On May 10, the Workforce Protections Subcommittee of the House Educ. & the Workforce Committee held a hearing on workers' rights not to become union members and not to pay dues for unions' nonrepresentational activities and to investigate how union bosses abuse such rights under the 1988 U.S. Supreme Court decision Communications Workers of Am. v. Beck.  Beck held that employees covered by a union security clause in a collective bargaining agreement who choose not to become union members and object to having their dues spent on political and other nonrepresentational activities only can be charged agency fees for union activities related to collective bargaining, contract administration, and grievance adjustment.

"Based on the evidence I have seen, I am convinced that some union locals do, in fact, regularly trample on the rights of individuals in far excess of the scope of their permissible authority," Subcommittee Chairman Charles Norwood (R-Ga.) said. "Too many workers seem to get the run-around when they try to exercise their rights."

UFCW & NLRB Loose Appeal of Dues Case

U.S. Court of Appeals for the Ninth Circuit held May 17 that unions may not include organizing costs in determining the agency fees nonmembers must pay under a union-security clause in a collective bargaining contract. Reversing a 1999 decision by the Nat'l Labor Relations Bd., the court found that the U.S. Supreme Court has already ruled in a case under the Railway Labor Act (Ellis v. Bhd. of Ry., Airline, & S.S. Clerks, 466 U.S. 435 (1984)) that a union cannot charge nonmembers for the union's organizing activity outside of the bargaining unit. The case arose from objections filed with United Food & Commercial Workers Locals 7, 951, & 1036 by nonmember agency-fee payers in bargaining units in Cal., Col., & Mich. covered by bargaining agreements containing a union-security clause.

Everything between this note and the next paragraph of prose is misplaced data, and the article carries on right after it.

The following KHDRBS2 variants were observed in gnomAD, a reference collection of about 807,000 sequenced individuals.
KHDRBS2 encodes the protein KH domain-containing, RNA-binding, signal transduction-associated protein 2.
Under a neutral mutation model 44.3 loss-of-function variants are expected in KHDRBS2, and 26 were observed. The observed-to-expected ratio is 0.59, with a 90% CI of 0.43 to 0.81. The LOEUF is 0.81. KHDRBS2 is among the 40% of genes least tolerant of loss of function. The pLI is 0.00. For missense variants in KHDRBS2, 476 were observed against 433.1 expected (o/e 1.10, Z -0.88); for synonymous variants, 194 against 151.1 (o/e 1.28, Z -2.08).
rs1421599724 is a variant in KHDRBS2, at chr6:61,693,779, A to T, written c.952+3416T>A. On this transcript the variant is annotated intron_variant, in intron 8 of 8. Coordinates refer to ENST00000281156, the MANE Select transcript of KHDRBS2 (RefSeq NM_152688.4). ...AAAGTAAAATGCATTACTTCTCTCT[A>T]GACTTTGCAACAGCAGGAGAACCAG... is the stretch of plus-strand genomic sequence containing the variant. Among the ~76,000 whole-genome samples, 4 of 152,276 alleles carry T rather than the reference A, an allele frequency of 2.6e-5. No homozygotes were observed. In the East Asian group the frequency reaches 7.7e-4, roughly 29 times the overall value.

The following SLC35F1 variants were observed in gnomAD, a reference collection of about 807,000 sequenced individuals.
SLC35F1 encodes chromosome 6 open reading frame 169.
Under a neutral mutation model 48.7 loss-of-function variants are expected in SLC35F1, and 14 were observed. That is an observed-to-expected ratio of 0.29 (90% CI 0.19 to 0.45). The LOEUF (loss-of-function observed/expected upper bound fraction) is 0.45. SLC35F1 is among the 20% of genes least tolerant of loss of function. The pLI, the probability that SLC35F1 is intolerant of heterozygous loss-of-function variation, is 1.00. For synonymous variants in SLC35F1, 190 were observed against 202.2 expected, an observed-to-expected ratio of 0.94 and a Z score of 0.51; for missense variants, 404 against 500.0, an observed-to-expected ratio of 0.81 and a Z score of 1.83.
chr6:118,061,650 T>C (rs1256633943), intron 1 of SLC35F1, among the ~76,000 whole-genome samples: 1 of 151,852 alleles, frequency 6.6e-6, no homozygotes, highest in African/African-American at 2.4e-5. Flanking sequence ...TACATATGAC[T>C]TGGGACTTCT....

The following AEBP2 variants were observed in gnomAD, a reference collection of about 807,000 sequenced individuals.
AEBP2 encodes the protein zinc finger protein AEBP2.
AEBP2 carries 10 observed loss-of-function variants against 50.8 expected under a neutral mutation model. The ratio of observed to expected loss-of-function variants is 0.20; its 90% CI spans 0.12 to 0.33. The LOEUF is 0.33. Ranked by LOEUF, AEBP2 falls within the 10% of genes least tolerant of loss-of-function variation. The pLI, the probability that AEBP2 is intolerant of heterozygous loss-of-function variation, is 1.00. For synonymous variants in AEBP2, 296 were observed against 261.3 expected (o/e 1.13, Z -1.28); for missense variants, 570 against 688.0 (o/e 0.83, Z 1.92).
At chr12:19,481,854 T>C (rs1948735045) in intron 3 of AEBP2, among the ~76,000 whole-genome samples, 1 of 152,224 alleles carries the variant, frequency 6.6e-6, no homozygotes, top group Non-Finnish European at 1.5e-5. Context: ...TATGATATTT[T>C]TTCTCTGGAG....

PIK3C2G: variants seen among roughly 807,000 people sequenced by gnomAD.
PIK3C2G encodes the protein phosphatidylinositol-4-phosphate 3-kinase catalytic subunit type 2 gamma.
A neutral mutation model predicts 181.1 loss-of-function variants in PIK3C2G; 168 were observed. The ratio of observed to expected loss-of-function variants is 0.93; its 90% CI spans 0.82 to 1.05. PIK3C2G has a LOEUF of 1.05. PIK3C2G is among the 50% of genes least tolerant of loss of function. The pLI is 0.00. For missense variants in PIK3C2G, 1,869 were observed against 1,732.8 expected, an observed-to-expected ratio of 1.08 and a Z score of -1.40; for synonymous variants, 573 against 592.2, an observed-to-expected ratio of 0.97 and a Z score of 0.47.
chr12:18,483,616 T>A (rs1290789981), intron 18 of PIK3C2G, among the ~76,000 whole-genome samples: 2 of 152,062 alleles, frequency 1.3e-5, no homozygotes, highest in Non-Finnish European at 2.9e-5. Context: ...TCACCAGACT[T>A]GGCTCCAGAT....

Court Says Free Trip Wrongfully Influenced Unionization Vote

The Communications Workers of America's offer of a free trip to Chicago so employees of Comcast Cablevision could attend a union meeting on cable industry issues unduly influenced the outcome of a representation election among the 50 eligible workers, the Sixth Circuit Court of Appeals court ruled Nov. 14, reversing the Nat’l Labor Relations Bd. Refusing to enforce an NLRB order certifying CWA Local 4100 as the bargaining agent of Comcast's employees in Taylor, Mich., the court held that CWA's offer of $50 worth of transportation and one night's lodging so employees could attend a two-hour union meeting on cable industry issues unduly influenced the 31-17 vote in favor of union representation.

“Providing transportation and one night's lodging so that the employees could have a free weekend in Chicago in conjunction with the two-hour union meeting was sufficiently valuable to influence the vote without relation to the merits of the election," wrote Judge Ronald Lee Gilman.

Felony Charge for Burned Unionists

An attempt by two striking unionists to reportedly sabotage Verizon Communications backfired when one mistakenly cut into a power line he thought was a phone line in Baldwin, N.Y. As 13,200 volts of electricity surged through Joseph Hertzel's body Aug. 17 and threw him to the ground, his shirt caught fire and one of the blades on his tree-pruning sheers melted. His girlfriend, Joanne Pender, was also injured by the explosion.

"They picked the wrong cable," said Nassau Detective Robert Winter. "They cut the main feeder for ... electricity for that area."

The two members of Communications Workers of Am. Local 1108 were charged with felony tampering and criminal mischief and were arraigned on Aug.18 in the hospital. Hertzel was ordered held on $1,500 bail and Pender on $750.

Nassau police said 20 similar acts of sabotage were been reported during the Verizon strike. For example, another striking unionist was arrested Aug. 17 for allegedly trying to run a Bell Atlantic van off the Long Island Expressway while driving his 2000 Lexus. [Newsday 8/18-19/00]